Students support man’s best friend, make mats for adopted

Capri Scarcelli | a&e editor. A group of students tell stories of their dogs at home while learning about their interactions.

by Capri Scarcelli | a&e editor

March 17, 2022

Studies show that dogs bring out the best in people – that is, according to professor Anne Burrows. 

Burrows is an anthropologist who teaches anatomy at Duquesne. While fascinated with all things evolution, Burrows found her love through research with dogs, specifically the dog-human bond. Through facial expressions and mutual gaze, dogs create a connection with their owner, Burrows said, which explains why so many people consider their dogs such an important part of their lives.

To express her love for these furry friends, Burrows hosted an event in Tower’s MPR on March 16 at 6:30 p.m. to allow students the opportunity to learn about their pets at a deeper cognitive level. She detailed the distinction between wolves and dogs, where the species originated and how long ago; she showed not only the physical differences between each breed, but also the behavioral ones. 

“No human culture lacks dogs,” Burrows said. “If you can spend time with a dog, it can lower your stress levels, and release oxytocin between the mutual gaze.” 

Students were welcome to relax and enjoy making their own “sniffing mats” during the discussion. Sniffing mats are mini carpets that help dogs become more familiar/comfortable with their owners. Using discarded fabric, students helped cut old t-shirts into thin rectangles, tying together different colors through the plastic holes that allowed them to weave a pattern for the pups. According to Burrows, these mats are very important to helping dogs build their confidence before adoption.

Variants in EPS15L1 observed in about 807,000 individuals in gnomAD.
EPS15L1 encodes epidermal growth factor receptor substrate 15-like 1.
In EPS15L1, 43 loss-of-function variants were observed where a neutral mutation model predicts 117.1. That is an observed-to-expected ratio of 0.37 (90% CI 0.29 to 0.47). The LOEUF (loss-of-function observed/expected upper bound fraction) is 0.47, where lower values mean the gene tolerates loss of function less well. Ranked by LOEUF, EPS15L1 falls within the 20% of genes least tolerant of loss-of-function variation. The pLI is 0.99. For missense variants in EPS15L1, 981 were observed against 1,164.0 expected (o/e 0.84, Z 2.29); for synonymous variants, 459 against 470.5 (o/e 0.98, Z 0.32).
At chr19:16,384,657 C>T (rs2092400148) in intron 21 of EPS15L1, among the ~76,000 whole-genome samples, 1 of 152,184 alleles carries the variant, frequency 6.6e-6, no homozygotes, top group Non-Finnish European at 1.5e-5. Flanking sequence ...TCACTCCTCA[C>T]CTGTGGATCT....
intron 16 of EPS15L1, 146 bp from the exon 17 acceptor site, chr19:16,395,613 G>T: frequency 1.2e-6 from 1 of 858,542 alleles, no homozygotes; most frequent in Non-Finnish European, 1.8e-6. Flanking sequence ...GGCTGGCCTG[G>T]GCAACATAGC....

“I work at Animal Friends, and I go three nights a week to help make dogs more adoptable,” Burrows said. “Every time a dog is adopted, they get to take their sniffing mat home as a gift to them for their good behavior.” 

The mats can be made to fit any dog’s size or needs, and they can even be made to hide treats in them for a yummy surprise. 

Olivia Origer, physical therapy major and RA for Towers, thought this event would be a relaxing, interactive event for her floor.

“Making the mats kept me busy instead of scrolling through my phone, and I honestly loved hearing everyone talk about their dogs,” Origer said. 

Having to choose a professor to give a lecture for her floor program, Origer said she chose Burrows because she wanted a sneak-peek of her dogs and humans interactions class, which is available irregularly to students.

According to pre-law student Zachary Seddon, this presentation helped him learn more about his emotional support dog. 

“As an RA, I had my dog on the wing, and I noticed the guys would actually quiet down at night once they found out I had a dog in my room,” Seddon said. “It’s crazy to think how much people will care for these pets.”